Seemingly everyone is out on Carroll at this point. After what’s transpired the last two years, frustration is justified. There’s reason to believe Carroll isn’t completely finished yet, though. He was a useful defender for Toronto as the team switched identities with Kyle Lowry out, and his 34 percent mark from deep was a four-year low. Knee injuries can take multiple years to recover from. Maybe he’s not capable of $15 million worth of production next year, but he still has some utility to the Raptors. Giving up on both him and a draft pick simultaneously would be a suspect bit of asset management.

Considering how cap-strapped the Raptors are going to be, any free agent pick-ups will probably have to be done through their exceptions. Casspi might be in that range financially, whether the Raptors are forced to use the taxpayer mid-level of the regular MLE — he could cost somewhere in the $5-8 million range.

Casspi would be an intriguing replacement if P.J. Tucker dips. He’d provide a similar hybrid forward skill set, trading off a bit less defensive prowess with a bit more shooting accuracy. Count me in if P.J. breaks Mitch Robson’s heart and leaves this summer.

Jonas Valanciunas is going to be hard to trade. Saying that isn't a criticism of him as a player. In a vacuum, Jonas is a positive asset who could help a lot of teams with his mix of elite rebounding and post efficiency. In today's NBA where seemingly every team has a centre they'd like to deal, he's probably not fetching a notable upgrade.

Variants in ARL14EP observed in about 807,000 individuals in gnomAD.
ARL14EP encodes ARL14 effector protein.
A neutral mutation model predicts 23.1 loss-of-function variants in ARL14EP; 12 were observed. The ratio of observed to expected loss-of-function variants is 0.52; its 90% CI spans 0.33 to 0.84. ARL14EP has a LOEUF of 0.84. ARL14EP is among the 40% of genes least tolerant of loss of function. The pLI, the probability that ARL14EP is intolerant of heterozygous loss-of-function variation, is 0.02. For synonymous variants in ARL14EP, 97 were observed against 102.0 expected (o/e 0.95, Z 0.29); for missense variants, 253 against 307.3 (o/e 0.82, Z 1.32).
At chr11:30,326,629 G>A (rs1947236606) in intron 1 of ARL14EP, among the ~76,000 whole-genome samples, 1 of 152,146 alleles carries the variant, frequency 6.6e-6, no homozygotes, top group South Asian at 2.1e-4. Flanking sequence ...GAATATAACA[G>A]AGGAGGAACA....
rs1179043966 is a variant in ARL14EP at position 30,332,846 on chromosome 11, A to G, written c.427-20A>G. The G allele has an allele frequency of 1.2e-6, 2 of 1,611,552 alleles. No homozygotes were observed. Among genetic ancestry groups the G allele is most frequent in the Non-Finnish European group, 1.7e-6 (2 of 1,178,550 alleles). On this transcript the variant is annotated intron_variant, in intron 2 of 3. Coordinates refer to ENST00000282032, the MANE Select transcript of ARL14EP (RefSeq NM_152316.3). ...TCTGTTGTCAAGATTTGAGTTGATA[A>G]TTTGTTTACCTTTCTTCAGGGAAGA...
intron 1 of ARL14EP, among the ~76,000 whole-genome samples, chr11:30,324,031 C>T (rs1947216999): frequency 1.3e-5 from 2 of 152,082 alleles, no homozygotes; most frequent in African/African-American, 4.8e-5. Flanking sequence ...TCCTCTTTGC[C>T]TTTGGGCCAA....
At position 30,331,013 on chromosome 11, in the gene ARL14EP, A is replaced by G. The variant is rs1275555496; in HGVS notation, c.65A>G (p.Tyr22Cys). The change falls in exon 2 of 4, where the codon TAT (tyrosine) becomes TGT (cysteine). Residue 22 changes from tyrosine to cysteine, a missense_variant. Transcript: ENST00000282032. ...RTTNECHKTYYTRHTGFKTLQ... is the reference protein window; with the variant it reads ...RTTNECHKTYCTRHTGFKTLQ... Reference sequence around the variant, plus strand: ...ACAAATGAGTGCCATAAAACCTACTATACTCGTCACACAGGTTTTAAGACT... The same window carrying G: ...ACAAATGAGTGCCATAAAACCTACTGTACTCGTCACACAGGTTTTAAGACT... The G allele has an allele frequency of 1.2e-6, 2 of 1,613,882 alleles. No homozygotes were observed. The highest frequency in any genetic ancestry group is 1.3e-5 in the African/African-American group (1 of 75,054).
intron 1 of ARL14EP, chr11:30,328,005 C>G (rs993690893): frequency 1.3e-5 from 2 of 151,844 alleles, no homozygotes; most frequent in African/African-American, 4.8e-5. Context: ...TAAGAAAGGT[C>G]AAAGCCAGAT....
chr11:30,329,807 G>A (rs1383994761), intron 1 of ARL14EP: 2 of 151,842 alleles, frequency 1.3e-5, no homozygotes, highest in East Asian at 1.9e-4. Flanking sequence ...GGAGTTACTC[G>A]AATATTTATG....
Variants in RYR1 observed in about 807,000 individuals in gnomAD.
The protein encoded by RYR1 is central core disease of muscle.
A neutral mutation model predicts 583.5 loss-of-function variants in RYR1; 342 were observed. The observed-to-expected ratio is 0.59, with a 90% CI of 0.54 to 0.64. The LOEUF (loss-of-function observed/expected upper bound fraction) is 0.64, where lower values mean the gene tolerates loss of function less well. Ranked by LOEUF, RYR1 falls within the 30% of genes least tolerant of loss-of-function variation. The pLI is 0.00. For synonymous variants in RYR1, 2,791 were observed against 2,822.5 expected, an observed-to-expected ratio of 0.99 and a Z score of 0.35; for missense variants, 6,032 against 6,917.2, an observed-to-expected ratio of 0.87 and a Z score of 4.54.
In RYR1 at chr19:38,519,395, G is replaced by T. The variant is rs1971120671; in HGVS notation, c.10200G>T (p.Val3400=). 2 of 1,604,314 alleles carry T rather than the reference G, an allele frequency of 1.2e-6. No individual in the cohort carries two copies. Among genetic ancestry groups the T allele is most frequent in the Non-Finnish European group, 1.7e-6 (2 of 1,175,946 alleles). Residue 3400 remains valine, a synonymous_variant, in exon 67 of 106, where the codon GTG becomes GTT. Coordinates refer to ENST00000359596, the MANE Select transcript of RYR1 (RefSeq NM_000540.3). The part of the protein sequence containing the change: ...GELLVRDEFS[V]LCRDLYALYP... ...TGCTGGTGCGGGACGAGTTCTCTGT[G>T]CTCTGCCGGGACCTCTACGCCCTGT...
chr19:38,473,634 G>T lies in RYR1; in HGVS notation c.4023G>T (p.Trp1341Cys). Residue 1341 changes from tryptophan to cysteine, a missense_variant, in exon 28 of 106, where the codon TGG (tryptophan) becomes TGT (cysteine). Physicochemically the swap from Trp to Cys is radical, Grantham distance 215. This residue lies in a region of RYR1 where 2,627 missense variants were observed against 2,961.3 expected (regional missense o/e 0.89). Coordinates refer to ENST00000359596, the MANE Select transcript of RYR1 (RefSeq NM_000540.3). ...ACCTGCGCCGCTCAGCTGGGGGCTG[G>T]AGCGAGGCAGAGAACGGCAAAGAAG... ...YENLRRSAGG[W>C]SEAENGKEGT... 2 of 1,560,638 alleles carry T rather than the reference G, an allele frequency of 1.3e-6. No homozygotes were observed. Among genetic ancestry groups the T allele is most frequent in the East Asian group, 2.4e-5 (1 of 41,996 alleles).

William Lou of The Score and I had a hilariously heated discussion about this on an episode of Locked on Raptors this week if you want to hear more in-depth thoughts on the matter, but my basic opinion is this: Jonas is currently more valuable as a player to the Raptors than he would be to most other teams, so it's going to be hard to move him. If he were to be dealt, I would imagine another centre with his own set of flaws would be coming back the other way -- if you can get that centre attached to other pieces, then maybe you can consider it a net positive for the Raptors. A less extreme version of the D'Angelo Russell trade might be a good template -- trade Jonas, get a worse centre, but another useful player thrown in.

Think of all the trades involving big men over the last year. Almost all of them involve some form of a big-for-big swap. It's all kinds of unsexy, but it's the reality of today's NBA.

Cory Joseph's 2016-17 was uneven, but ultimately he performed his best when the Raptors needed him most, so I'm willing to forget the buttery soft defense he played in the first half of the year.

It's anyone's guess as to whether or not he'll be back. As a trade piece, he may not be quite as valuable as one of the league's best backup guards probably should be. His salary next year is cheap, yes, but he also has a player option at the end of the season. He's essentially an expiring deal unless he flops to the point of being worth less than $7 million.